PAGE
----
One year ago, on this day, I packed my life in Singapore and boarded a flight back home to India. Like a hopeless romantic finally uniting with her first love, my head filled with starry-eyed dreams. I dreamt about magical places I could travel to within my own country. I thought about the many causes I could make a difference to. I imagined proving the notions of most Indians who choose not to live in India, wrong. I swore by John F. Kennedy’s words, ask not what your country can do for you, ask what you can do for your country.
This article was originally published on The Hindu. You have revelled with the crowds on the beaches of Goa, learnt the Golden Triangle route like the back of your hand, photographed the terrain of Leh, experienced royalty in Rajasthan, sailed the backwaters of Kerala, and played with snow in Manali. In the coming year, get off the tourist trail and discover a different side of India.
This article was originally published in The Hindu. As a kid, I’ve often heard my grandmother talk about growing up in our native Punjab. I pictured little boys and girls running across big fields, plucking sour fruits and wild flowers, returning home at noon to the aroma of curries made with veggies fresh off the farm and paranthas laden with home-made white butter. I never imagined waking up to these images someday, given how they seemed only to be romanticized in the memories of people I knew.
Flipping through my travel archives of 2011, I am overcome with a strange sense of nostalgia. The world suddenly feels as small as that plastic globe you can buy off a children’s store. I’m strolling on the beaches of Southeast Asia one day, and hiking on the countryside of Europe the next. One minute, I’m warming myself with a gelato in Italy, the next I’m sampling momos in the Himalayan desert of India. I’m going solo, over land and on water, unearthing travel secrets that conceal themselves from a large part of the world.
This article was originally published on Offbeat Travel. I’m fascinated as Tenzing describes a mystery mountain close to his hometown in Spiti. He’s my first local friend, and the expert driver who we’ve entrusted with our lives, up the precarious mountain roads from Shimla to Spiti.
If someone tried to make folk music out of wooden sounds, it would probably sound like the soft clickety-clack that resonates through the village of Pranpur. Men and women are bent over their looms, squinting their eyes on their intricate sari designs, their hands automatically trailing a motion they learnt decades ago.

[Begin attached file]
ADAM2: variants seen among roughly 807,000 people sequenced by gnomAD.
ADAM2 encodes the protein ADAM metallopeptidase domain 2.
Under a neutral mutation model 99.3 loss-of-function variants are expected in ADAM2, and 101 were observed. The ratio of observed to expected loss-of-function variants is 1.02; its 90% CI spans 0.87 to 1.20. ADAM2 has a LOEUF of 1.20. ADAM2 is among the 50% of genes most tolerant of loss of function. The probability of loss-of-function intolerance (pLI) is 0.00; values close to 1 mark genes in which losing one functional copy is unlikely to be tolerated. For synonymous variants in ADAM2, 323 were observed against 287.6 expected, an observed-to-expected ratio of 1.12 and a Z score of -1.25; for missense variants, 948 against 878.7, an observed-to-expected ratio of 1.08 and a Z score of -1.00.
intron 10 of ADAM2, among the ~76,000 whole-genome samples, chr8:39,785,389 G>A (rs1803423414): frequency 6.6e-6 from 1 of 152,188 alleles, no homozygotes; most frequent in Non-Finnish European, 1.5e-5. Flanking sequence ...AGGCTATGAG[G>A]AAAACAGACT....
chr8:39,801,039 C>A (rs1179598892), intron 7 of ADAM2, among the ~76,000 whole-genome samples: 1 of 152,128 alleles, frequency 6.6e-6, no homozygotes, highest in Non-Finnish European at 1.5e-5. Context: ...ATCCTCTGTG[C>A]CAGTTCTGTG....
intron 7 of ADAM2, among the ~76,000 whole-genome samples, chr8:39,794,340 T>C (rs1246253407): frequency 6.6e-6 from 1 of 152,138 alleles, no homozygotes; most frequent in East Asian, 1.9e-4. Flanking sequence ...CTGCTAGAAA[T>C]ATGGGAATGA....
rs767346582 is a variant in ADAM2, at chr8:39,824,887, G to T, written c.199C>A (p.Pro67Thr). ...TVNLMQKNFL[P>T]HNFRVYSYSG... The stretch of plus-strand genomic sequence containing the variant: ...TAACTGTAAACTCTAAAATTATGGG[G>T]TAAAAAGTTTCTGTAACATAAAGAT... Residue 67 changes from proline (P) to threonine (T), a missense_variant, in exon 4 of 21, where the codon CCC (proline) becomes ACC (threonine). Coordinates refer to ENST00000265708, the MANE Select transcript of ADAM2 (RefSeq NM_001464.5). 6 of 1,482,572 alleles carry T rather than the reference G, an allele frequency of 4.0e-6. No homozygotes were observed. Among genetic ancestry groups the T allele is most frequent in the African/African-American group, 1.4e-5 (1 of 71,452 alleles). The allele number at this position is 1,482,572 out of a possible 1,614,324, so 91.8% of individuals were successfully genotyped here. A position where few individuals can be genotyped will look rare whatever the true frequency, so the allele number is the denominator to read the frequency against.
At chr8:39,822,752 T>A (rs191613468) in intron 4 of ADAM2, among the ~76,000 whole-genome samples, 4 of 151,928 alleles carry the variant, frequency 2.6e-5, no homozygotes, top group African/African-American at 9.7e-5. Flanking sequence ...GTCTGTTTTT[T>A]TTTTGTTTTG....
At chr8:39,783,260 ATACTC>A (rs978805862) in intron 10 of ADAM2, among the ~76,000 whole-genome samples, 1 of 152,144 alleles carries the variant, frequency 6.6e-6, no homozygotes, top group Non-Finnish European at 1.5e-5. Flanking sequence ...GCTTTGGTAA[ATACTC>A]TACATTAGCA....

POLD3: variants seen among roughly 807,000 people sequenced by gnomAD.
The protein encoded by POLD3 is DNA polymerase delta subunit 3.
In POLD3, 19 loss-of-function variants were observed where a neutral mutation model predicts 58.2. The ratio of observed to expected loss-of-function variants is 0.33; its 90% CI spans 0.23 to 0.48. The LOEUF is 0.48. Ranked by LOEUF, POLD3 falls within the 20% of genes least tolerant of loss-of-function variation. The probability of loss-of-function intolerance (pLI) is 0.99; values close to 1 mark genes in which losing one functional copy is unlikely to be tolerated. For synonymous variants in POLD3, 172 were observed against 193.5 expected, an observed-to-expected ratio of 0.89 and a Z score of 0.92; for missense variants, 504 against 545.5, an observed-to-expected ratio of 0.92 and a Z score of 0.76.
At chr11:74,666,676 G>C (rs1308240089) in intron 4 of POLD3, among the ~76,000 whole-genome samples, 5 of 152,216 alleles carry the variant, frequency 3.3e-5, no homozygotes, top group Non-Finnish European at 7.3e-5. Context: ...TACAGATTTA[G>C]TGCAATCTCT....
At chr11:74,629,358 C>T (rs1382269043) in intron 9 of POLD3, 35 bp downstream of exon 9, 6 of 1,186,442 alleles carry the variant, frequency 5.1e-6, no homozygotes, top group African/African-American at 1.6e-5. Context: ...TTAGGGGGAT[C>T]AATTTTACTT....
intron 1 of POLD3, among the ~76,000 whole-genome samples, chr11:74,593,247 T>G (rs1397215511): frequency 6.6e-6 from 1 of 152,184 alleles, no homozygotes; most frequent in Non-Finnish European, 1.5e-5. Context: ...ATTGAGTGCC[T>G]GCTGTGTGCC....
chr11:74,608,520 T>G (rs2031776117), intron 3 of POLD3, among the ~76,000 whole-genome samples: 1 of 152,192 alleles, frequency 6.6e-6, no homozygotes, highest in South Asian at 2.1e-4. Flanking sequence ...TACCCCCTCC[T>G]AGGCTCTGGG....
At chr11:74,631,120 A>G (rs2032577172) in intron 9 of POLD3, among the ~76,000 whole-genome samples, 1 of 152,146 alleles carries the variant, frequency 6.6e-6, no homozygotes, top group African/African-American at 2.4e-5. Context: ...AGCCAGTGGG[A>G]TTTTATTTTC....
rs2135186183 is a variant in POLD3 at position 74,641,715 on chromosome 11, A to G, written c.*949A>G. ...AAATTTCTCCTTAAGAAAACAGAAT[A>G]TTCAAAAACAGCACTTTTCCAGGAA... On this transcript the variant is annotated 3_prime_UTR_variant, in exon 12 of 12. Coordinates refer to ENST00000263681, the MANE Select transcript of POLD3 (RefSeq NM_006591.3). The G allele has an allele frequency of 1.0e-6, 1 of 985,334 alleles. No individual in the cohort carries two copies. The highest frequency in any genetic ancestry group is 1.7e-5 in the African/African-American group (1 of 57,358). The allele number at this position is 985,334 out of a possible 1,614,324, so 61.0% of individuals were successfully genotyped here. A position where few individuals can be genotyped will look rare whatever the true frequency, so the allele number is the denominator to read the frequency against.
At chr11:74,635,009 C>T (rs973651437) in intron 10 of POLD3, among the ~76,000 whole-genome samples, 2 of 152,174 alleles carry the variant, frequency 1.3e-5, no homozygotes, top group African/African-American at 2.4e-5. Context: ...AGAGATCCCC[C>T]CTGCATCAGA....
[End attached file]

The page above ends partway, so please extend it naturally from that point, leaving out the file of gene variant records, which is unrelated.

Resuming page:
Mcleodganj is perhaps every backpacker’s rite of passage to India. Except that it is so unlike India, I feel I’ve skipped a few legalities, missed a few stamps on my passport, and entered a world I was taught is forbidden.
As I walk along the green fields of Pin, I smile in delight at the pink, purple and yellow flowers in bloom; I haven’t seen greenery for the last 3 days in the mountain desert terrain of Spiti. I carefully walk the fragile bridge across the Spiti River, to the village of Gulling, where I hope to hitch-hike my way back to Kaza, Spiti’s capital, instead of waiting for a bus the next morning. I have never hitch-hiked in India before; it would be a parent’s worst nightmare for their 23-year-old daughter in the northern cities of India […Continue reading on Clay] To read & share more travel stories, join The Shooting Star’s new fanpage on Facebook!
As we drive into the heart of India, dubbed Madhya Pradesh, I awake my sleepy self to the sight of the Betwa River, a beautiful expanse of clear water vigorously flowing through a dam. I am suddenly kicked about venturing into an India that is far off the tourist circuit; Spiti & Hegdenagar feel like a long time ago.
I’m reminiscing about the winter of 2007, that I spent traversing the famous backwaters of Kerala and discovering the ways of southern India. Through my rusty memory, I remember the tranquility of the waters, the countless coconut trees along the coast, and a beautiful evening sky.